Collins, W. Fox; 1852-1853. Samuel Bessy, J. C.
Wortly; 1853-1855, E. Steele, C. Seaman; 1855-
1856, C. Mosher. H. Culby; 1856-1857, J. W.
Kellogg, J. Dwella; 1857-1858, J. W. Kellogg. A.
J. Bigelow; 1858-1859, W. C Way; 1859-1860,
W.C.Way; 1860-1861, George Smith; 1861-1862,
B. H. Hedger. C. Church; 1862-1863. B H.
Hedgcr; 1863-1865. J. W. Kellogg; 1865-1866.
T. G Potter; 1868-1871, J. A. Mcllwain; 1871-
1872, E. E. Pearman; 1872-1874, J. S. Joslin ; 1874-
1876, L. C. York; 1876-1877. W. J. Campbell;
1877-1879. H. O. Parker, 1879-1881, T. H. Baskerville; 1881-1884, J- H. Kilpatrick; 1884-1886.
I. C. Wortly; 1886-1889, J. A. Mcllwain.
The first meeting of those favoring the organization of a Congregational Church was held in the
school-house on August 20, 1848. A lot was purchased, and the First Congregational Society of
Wayne was organized on October 7, 1848. It was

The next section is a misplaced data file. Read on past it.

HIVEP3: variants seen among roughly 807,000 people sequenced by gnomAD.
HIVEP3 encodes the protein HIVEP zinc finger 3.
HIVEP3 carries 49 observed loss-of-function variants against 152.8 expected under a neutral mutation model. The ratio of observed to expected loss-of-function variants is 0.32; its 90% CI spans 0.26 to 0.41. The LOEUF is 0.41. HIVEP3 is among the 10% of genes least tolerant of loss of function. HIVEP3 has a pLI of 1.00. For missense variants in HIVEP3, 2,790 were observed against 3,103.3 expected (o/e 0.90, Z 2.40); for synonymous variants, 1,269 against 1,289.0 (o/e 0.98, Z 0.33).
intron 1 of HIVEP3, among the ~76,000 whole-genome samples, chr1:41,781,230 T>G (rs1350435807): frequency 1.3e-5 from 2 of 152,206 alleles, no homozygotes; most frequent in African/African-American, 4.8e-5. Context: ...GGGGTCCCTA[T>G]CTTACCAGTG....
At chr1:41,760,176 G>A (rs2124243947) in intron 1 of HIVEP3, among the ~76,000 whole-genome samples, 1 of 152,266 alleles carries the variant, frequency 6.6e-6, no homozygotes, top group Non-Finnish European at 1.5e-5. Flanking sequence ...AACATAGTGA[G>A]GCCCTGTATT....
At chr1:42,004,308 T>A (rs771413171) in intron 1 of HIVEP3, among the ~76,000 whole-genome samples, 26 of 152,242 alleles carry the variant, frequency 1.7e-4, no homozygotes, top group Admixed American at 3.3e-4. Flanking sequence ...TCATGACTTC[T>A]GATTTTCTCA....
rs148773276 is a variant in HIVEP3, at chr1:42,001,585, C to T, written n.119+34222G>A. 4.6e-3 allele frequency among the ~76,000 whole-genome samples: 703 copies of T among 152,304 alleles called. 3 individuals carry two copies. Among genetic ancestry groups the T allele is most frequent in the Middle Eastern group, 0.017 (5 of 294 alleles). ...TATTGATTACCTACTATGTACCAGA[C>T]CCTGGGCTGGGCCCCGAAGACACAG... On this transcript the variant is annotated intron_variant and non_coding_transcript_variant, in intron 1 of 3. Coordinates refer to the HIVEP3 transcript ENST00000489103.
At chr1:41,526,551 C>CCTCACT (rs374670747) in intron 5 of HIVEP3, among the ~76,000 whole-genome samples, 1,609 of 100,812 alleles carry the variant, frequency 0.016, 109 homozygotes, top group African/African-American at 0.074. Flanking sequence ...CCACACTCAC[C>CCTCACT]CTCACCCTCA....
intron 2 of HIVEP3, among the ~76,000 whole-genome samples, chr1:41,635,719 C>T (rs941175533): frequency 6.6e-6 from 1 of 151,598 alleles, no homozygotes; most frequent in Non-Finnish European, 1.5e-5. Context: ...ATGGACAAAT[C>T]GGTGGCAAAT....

proposed to raise money to erect a church to be
used jointly by the Congregationalists and Methodists. This plan was carried into effect, and the
building was completed and dedicated in January,
1850. It seated 350. The following persons
served as pastors : Rev. John S. Kidder, August,
1848, to July, 1851; Rev. James Nail, July, 1851, to
February, 1855; Rev. Orrin C. Thompson, February, 1855, to September, 1856; Rev. Norman
Tucker, September. 1856, to February, 1859; Rev.
O. C. Thompson, 1860-1861 ; Rev. John D. Pierce,
from 1861-1863. While the church was without
a regular pastor. Elders Swift and Van Norman
filled the pulpit from 1864 to 1867; Rev. Charles
Cutler, from February, 1867, to May, 1869; Rev. O.
C. Thompson, from January, 1870, toOctober, 1871,
Rev. Obadiah Hobbs. April. 1872, to January, 1873;
Rev. Jonas Estabrook. February, 1873, to October,
1878; Rev. Augustus G, Upton, October, 1878, to
August, 1880; Rev. David C. McNair, from September, 1880, to April. 1883 ; Rev. George C. Empson, from October, 1883, to December. 1887; Rev.
Willis S. Colton, from June 3, 1888. Starting
with nine members in 1848, there were 15 in 1850;
27 in i860; 40 in 1870; 252 in 1880; and 152 in 1889.
The church property is valued at $2,500.
St. Mary's Catholic Church has always been a